Rees, McDaniel lead Irish to 23-13 win over BYU
SOUTH BEND, Ind. (AP) — Tommy Rees, booed a year ago at Notre Dame Stadium when he was brought in late against Purdue, finished his last home game to chants of “Tommy” as the clock ran out in a 23-13 victory over BYU on Saturday.
“That was a very special moment. We’ve been through a lot, this entire senior class. Not only on the team, but everybody here,” Rees said. “They could have chanted anyone’s name, it’s a whole senior class effort, but that was definitely a memory I’ll hold very closely for a long time.”
Rees got the Fighting Irish (8-3) going with a 61-yard touchdown pass to DaVaris Daniels on Notre Dame’s first possession, then set up a 2-yard TD run by Tarean Folston with a 30-yard pass to TJ Jones as the Irish rebounded from a disappointing 28-21 loss to Pittsburgh.
The game was played in intermittent snow, with temperatures in the 20s and winds gusting to 30 mph. The field was worn and torn despite being replaced a little more than a month ago. Several times, ball carriers fell as they tried to make cuts. But the Irish improved to 13-1-3 all-time in games where it snows, with the lone loss coming to Indianapolis Artillery in 1895.
Coach Brian Kelly said the Notre Dame staff asked the Irish to focus on doing the little things right, which they lacked against Pitt.
“I think all of our players, in particular our seniors, really rallied to those things,” Kelly said.
Rees was 15-of-28 passing for 235 yards and the Irish rushed for 235 yards, led by a career-high 117 by Cam McDaniel. Folston added 78 yards on 13 carries as the Irish amassed 470 yards of total offense.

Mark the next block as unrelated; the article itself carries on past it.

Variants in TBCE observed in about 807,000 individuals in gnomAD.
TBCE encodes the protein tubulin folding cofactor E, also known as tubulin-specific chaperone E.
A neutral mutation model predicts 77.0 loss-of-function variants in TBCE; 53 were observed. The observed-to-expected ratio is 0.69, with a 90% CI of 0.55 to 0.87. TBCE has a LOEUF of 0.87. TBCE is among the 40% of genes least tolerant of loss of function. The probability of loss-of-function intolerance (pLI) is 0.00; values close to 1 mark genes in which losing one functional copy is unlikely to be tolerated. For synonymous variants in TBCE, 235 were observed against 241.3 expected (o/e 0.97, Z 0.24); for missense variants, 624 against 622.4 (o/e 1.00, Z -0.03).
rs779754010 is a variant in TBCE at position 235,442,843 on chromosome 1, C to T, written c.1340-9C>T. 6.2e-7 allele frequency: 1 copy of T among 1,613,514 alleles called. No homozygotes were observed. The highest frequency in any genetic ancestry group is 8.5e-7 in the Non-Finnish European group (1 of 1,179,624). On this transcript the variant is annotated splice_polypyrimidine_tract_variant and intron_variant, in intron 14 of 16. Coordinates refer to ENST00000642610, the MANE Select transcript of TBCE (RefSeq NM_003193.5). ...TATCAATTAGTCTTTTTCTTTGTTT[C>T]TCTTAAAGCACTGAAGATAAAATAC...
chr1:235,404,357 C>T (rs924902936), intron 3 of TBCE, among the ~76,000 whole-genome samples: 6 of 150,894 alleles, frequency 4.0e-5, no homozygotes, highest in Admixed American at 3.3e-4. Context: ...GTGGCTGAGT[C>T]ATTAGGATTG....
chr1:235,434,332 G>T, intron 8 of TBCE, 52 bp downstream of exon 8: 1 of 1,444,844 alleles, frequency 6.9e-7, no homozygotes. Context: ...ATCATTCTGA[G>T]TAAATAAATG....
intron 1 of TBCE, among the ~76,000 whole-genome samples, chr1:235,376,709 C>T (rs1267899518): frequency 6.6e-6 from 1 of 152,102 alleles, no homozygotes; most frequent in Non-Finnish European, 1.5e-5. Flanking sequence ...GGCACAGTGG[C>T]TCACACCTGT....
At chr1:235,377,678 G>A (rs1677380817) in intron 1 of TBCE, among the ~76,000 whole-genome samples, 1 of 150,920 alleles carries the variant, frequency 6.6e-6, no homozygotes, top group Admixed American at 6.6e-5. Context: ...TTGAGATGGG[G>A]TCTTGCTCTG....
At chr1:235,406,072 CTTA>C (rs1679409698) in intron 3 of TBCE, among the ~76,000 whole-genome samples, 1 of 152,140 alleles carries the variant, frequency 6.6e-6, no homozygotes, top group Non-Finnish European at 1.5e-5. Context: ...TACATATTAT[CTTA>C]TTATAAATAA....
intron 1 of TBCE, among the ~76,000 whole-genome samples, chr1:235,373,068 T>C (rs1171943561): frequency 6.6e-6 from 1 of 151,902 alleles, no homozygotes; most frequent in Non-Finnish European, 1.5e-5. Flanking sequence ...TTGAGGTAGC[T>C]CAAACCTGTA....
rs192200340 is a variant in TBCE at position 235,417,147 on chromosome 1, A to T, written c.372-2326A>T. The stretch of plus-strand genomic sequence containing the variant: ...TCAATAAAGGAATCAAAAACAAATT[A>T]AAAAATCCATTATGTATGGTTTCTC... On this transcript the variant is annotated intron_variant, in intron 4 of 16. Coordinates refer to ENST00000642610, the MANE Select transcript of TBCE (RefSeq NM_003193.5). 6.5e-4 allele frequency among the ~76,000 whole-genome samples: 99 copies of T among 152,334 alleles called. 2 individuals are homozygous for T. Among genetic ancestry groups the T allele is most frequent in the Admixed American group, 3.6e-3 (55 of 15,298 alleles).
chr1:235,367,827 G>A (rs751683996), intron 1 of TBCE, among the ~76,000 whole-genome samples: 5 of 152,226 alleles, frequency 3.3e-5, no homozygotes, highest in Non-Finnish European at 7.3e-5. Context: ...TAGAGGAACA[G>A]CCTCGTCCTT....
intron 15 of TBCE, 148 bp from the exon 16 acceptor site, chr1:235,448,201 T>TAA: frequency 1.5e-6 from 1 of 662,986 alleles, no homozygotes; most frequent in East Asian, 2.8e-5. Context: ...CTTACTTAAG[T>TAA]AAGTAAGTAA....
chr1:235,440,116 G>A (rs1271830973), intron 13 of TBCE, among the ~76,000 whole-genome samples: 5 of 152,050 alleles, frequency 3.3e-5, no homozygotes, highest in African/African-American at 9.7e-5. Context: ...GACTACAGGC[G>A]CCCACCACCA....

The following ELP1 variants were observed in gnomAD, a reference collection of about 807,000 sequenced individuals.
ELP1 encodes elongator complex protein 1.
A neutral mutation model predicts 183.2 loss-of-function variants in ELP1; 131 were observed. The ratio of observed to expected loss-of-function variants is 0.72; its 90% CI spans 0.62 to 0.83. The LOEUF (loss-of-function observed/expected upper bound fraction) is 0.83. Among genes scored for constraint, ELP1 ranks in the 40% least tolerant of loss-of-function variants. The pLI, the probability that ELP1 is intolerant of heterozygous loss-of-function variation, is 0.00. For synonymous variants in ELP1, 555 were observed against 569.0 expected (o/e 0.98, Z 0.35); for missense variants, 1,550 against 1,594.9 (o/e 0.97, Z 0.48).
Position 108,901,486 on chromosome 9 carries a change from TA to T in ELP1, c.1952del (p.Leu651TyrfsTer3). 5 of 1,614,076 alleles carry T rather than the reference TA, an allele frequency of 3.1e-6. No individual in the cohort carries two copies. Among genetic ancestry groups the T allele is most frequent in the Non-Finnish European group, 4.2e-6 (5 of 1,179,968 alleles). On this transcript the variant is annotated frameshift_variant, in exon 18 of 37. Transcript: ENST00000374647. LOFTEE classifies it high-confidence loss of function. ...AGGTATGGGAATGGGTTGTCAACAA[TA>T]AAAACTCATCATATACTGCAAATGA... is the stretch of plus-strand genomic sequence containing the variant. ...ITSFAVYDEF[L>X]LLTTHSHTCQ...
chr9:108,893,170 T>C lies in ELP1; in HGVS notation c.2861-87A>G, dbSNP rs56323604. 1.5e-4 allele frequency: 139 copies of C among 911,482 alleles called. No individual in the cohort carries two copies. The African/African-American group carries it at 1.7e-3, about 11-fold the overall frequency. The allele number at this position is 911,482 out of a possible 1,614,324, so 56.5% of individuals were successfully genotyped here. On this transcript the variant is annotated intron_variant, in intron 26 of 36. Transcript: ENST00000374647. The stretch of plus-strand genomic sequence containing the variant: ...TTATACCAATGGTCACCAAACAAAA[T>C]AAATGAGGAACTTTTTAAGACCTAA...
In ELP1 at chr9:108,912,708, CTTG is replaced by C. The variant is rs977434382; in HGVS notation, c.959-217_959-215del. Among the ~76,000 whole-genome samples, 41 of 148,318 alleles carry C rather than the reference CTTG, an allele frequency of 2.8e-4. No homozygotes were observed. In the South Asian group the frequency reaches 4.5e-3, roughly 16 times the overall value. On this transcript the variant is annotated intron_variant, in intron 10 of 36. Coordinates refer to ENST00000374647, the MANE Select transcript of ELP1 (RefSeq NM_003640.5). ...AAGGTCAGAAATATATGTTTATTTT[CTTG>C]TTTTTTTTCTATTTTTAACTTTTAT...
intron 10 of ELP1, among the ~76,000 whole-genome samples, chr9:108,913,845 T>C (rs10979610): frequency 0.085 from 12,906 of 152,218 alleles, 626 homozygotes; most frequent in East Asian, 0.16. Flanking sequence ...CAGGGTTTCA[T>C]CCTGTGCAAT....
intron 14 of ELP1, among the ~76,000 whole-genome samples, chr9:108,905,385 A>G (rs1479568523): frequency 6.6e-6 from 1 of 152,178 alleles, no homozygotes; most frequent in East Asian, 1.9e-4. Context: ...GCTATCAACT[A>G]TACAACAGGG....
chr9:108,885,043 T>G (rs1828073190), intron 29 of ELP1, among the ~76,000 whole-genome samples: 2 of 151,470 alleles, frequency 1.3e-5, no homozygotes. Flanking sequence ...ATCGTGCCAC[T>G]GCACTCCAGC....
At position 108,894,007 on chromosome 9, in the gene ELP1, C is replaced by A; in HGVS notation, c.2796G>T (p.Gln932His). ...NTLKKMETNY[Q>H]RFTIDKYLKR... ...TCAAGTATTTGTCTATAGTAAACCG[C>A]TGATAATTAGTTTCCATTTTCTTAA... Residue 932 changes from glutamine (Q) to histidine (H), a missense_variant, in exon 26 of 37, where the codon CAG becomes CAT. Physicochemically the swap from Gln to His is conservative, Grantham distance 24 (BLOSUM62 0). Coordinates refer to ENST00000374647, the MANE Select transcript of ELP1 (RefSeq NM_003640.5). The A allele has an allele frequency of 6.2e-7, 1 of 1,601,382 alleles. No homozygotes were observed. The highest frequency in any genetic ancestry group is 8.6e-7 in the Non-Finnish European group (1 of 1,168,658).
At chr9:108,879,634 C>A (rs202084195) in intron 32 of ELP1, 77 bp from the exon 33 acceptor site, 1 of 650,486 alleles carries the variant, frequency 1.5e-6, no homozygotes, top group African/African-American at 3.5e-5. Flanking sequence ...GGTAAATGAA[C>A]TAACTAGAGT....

“It was kind of an offensive lineman’s dream today, with the wind and running the ball,” tackle Zack Martin said. “We wanted to impose our will on them, and in the snow, it was kind of a nice little ending there.”
Kyle Brindza kicked three field goals, including a 51-yarder, for the Irish. Kelly said despite the weather conditions, Brindza was in his face wanting to try the long field goal.
“When you’ve got a guy with that kind of confidence asking to kick the football, it makes it easier for me to make a decision to put him out there,” Kelly said. “He’s a great weapon for us.”
BYU (7-4), which had a 7-yard TD pass from Taysom Hill to JD Falslev in the first quarter, closed to 20-13 when Justin Sorensen kicked a 27-yard field goal with 39 seconds left in the third quarter. The Cougars couldn’t get any closer.
BYU had a chance to make a game of it with less than five minutes remaining when Paul Lasike broke off a 46-yard run, running over Notre Dame safety Matthias Farley, before being tackled by KeiVarae Russell at the 6. But the Cougars could only gain 2 yards on the next three plays. A 22-yard field goal attempt by Sorensen was deflected by nose guard Jarron Jones, ending BYU’s last threat.
“The defense did a good job of stopping us in the red zone,” Falslev said. “We just have to execute. If we execute, this is a whole different ballgame.”
Hill passed for 168 yards and he and Lasike each rushed for 101 yards for BYU. But Notre Dame held Jamaal Williams, who entered the game averaging 116 yards a game, to 43.
“I think excluding the first series, they did a nice job on Jamaal, especially on inside runs,” BYU coach Bronco Mendenhall said. “I thought they did a nice job on Taysom on our designed runs.”
Several Irish players switched numbers for the game. Freshman linebacker Jaylon Smith wore No. 13, instead of his usual No. 9, to honor linebacker Danny Spond, who ended his playing career before the season after suffering a paralyzing migraine headache. Senior wide receiver Luke Massa wore No. 78 in honor of high school teammate Matt James, a Notre Dame recruit who died when he fell from a Florida balcony during spring break.
The victory marked the first time Notre Dame hadn’t trailed in a game since the opener against Temple. Rees improved to 22-7 as a starter, and may be best remembered for the role he played as a backup last season in helping the Irish to the national championship game.
He said simply being a winner is good enough.
“It doesn’t matter how you win games, as long as you get that W,” he said. “Just someone that gave everything he had to this university and this football program.”